I once said we have a choice in here: survive or succumb. What I didn´t say was what that means. I see people succumb to this way of life all the time. Usually women brand new to the system do it pretty quickly. They just give in and adopt the behaviors they see around them. Perhaps it´s easier that way for them. Going with the flow is always easier. I was too pissed off at the world when I came into the system to succumb to it. Surviving, however, is a long, difficult process involving determination (stubbornness?) and a desire to get healthy (sheer willed), maybe with a bit of confidence (pride?) in there, too. If those things aren´t already present or don´t at least show up pretty soon after you´re sentenced, you will ultimately “yield to something overwhelming…” and succumb.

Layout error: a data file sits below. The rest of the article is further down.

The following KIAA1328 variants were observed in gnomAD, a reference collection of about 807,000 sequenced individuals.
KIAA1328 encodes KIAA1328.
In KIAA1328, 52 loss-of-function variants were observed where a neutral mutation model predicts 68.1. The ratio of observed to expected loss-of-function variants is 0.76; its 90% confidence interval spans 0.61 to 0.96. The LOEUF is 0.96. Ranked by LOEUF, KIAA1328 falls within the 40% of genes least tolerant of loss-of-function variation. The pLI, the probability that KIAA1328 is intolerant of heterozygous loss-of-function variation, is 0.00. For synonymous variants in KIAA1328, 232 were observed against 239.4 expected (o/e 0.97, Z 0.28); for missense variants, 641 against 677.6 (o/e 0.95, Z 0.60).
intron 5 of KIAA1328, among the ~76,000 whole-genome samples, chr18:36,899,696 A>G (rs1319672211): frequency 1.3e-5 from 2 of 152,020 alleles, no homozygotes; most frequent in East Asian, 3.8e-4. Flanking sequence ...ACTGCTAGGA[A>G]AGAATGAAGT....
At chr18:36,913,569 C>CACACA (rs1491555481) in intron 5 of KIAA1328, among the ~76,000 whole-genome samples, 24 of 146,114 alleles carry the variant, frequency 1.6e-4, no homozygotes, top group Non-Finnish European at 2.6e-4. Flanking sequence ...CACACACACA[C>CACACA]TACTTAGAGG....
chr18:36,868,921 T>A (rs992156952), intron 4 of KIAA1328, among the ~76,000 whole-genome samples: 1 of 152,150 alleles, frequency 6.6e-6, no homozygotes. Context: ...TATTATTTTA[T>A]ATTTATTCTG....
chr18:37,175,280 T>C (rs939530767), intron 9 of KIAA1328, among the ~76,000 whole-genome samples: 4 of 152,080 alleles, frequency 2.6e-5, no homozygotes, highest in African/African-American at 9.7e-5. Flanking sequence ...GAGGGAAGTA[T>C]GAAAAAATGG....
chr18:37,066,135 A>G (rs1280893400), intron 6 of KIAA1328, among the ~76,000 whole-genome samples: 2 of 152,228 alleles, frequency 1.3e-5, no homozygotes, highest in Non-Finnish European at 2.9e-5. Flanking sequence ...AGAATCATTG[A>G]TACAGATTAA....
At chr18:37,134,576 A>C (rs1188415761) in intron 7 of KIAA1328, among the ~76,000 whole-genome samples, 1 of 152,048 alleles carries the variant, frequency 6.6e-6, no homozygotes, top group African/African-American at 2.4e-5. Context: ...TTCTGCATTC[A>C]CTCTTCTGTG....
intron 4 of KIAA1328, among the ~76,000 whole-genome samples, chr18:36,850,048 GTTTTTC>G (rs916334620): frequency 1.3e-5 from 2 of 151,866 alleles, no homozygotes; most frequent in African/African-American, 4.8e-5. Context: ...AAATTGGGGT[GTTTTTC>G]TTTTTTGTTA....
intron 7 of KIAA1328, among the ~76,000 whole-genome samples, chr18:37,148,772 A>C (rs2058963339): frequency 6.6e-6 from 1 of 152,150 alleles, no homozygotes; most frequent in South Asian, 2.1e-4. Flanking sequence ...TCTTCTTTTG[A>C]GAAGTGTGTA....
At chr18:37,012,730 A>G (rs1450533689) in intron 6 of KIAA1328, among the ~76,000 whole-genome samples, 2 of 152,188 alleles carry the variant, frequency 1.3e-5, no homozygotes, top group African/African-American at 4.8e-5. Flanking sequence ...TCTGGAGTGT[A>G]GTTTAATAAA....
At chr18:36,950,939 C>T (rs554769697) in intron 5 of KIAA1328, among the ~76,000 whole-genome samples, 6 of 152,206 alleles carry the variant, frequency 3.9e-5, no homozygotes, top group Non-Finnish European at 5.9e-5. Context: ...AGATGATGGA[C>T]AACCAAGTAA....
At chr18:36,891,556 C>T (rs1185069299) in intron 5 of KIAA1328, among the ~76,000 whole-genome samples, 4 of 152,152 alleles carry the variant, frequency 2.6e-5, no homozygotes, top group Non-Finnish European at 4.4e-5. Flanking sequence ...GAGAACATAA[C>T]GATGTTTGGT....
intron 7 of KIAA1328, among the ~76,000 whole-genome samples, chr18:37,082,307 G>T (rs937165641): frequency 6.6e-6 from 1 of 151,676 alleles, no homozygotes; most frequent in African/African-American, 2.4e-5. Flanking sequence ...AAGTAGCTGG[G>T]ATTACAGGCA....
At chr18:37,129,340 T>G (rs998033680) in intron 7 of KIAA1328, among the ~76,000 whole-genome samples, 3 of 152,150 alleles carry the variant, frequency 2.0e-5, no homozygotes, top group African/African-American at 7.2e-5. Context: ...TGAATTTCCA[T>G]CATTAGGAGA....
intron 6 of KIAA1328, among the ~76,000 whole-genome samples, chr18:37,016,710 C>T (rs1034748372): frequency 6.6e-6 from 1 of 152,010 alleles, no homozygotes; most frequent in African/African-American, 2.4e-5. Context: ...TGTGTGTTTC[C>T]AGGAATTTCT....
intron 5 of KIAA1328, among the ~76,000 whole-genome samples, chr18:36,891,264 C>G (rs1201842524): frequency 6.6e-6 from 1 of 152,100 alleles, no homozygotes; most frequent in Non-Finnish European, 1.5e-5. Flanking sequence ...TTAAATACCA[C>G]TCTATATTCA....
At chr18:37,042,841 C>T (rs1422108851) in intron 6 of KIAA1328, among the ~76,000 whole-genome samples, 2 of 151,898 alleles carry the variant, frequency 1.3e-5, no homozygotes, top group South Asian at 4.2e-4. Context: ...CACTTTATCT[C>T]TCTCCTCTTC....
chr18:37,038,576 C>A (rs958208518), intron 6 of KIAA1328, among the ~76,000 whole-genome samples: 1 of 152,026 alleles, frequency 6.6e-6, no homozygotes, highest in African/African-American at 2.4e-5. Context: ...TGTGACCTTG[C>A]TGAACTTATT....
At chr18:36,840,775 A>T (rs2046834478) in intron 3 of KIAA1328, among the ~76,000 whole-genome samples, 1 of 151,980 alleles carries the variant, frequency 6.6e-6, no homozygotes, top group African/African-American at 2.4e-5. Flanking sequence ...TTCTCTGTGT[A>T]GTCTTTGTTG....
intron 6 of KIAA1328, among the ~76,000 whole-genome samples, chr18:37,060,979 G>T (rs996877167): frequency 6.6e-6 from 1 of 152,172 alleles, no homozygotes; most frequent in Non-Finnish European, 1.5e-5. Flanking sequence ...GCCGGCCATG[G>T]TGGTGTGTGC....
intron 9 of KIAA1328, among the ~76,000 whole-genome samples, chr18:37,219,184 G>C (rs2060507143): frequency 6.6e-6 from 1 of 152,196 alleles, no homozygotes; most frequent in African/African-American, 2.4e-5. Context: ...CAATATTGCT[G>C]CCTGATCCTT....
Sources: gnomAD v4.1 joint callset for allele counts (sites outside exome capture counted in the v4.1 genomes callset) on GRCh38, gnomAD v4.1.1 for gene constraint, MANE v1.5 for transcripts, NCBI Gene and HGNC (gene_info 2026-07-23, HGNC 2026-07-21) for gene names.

Cruelty is a living, breathing, “liquidy” thing that ebbs and flows with the current mood of the day in prison. Cruelty abounds and dictates which way you fall when you enter the razor-wired gates. I have found that surviving starts with how you respond to cruelty, because your first experiences in prison will be cruel. Indifference can be a powerful weapon against cruelty. And I managed to grab on—and hold on—with both hands. It helped me find ground solid enough to step out and begin to change…to survive.
Surviving is more than just getting by relatively unscathed every day; surviving is finding the room to stretch and figure out what went wrong (what led you to prison) and then making changes because you care about more than just canteen or getting over on the State…because you care about your relationships and your future. Surviving is not compromising so much that you lose yourself or conforming because it´s easier than putting up with the cruelty that comes after those who´re different. Surviving is leaving behind the person you were and becoming the person you want to be.